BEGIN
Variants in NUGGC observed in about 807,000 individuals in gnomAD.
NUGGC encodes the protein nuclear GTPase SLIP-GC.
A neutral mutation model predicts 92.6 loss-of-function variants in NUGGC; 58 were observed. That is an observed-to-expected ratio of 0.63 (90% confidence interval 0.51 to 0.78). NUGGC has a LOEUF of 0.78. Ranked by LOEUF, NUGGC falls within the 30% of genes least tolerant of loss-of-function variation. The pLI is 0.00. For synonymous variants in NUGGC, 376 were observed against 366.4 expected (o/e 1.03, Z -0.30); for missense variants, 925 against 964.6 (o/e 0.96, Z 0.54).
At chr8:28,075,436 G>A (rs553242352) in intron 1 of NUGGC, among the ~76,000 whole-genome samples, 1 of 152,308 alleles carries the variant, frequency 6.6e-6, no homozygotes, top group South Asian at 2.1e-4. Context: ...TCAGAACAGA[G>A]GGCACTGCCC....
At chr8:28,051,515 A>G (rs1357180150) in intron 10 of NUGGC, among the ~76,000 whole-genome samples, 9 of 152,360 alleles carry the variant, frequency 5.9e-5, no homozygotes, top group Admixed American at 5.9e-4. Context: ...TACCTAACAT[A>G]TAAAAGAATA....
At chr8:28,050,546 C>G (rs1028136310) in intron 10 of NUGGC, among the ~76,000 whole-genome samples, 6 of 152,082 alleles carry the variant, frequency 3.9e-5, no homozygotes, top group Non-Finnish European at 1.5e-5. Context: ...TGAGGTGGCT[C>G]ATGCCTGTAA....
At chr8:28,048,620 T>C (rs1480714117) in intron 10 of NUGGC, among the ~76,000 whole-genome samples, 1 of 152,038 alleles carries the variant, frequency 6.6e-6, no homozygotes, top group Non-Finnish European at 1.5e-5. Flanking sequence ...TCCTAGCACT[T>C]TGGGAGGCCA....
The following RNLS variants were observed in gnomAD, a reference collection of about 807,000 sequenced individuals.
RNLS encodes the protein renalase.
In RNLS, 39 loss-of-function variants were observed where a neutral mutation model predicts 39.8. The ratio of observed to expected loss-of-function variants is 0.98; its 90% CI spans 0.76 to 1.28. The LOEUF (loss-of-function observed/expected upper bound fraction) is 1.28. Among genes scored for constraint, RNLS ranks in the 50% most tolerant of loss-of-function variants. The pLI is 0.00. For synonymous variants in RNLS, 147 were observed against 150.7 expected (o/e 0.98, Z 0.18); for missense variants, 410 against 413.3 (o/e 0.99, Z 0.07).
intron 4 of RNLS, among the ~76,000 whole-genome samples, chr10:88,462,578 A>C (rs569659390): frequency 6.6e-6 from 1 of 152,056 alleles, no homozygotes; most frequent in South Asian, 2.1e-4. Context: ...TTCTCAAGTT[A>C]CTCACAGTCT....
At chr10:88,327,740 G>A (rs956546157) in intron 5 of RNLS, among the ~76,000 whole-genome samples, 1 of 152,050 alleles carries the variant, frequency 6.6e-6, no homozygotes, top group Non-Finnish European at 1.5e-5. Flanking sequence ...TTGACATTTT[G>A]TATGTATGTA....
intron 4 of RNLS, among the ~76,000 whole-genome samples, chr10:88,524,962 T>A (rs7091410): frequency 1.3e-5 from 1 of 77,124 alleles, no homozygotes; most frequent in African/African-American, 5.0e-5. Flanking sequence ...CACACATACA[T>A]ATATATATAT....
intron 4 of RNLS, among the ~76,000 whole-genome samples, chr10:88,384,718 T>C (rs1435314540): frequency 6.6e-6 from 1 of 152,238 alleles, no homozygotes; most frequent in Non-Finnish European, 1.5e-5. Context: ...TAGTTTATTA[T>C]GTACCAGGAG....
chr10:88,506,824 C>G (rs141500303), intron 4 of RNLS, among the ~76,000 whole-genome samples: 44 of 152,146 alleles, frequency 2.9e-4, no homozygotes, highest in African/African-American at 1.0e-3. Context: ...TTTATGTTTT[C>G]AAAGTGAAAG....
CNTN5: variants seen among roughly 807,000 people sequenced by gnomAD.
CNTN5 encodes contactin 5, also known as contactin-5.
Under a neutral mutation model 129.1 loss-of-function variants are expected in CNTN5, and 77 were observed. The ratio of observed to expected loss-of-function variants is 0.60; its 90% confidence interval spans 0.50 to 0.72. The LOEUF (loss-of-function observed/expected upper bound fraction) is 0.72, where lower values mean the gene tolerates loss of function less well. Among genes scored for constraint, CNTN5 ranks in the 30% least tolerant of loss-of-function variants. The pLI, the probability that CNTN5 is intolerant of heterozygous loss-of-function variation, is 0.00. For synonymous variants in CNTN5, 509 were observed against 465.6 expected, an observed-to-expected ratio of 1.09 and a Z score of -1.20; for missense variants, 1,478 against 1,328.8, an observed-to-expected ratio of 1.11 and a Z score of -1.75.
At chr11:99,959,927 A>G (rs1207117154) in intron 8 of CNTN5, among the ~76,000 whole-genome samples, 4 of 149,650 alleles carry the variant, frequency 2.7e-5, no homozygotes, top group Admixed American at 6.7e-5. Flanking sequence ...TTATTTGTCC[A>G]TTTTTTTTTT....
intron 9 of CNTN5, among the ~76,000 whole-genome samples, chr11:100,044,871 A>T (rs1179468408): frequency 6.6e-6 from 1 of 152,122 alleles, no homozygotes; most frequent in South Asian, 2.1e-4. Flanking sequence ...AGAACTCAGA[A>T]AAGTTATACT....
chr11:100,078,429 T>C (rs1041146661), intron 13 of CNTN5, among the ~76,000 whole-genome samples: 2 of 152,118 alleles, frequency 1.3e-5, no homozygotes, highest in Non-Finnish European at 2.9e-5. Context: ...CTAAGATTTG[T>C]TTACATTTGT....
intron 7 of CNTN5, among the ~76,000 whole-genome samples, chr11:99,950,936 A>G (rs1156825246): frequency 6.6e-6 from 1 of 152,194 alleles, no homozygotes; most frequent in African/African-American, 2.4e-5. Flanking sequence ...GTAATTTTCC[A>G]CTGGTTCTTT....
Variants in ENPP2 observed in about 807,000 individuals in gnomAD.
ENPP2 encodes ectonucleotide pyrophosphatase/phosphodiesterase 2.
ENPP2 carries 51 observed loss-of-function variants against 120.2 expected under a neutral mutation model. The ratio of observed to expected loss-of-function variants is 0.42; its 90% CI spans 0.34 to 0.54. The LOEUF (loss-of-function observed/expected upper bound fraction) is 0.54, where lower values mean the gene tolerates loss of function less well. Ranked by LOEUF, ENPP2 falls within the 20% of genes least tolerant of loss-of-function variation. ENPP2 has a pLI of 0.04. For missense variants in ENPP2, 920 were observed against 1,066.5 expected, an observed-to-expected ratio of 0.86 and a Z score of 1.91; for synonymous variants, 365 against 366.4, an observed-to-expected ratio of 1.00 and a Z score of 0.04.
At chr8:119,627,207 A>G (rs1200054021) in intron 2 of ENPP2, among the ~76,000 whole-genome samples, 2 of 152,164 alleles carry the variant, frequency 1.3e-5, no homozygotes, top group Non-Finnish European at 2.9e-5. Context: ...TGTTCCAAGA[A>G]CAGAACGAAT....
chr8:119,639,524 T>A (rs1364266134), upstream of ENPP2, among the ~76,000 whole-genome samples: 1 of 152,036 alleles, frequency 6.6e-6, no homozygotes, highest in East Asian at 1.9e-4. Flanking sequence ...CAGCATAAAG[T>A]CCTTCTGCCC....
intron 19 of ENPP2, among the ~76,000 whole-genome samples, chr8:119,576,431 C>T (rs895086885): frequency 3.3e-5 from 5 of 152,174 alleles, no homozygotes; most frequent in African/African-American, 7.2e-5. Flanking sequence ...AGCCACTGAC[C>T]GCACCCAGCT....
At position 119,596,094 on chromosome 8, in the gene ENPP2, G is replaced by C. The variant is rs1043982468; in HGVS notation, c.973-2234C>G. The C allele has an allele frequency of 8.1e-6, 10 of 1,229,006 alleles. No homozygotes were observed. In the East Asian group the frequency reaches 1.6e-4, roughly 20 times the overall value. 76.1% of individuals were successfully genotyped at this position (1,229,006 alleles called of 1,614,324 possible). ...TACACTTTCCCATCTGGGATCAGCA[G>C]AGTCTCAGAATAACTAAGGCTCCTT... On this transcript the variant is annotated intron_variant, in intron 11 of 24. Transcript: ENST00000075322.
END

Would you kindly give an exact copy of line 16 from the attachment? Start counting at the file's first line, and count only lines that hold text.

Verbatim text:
CNTN5: variants seen among roughly 807,000 people sequenced by gnomAD.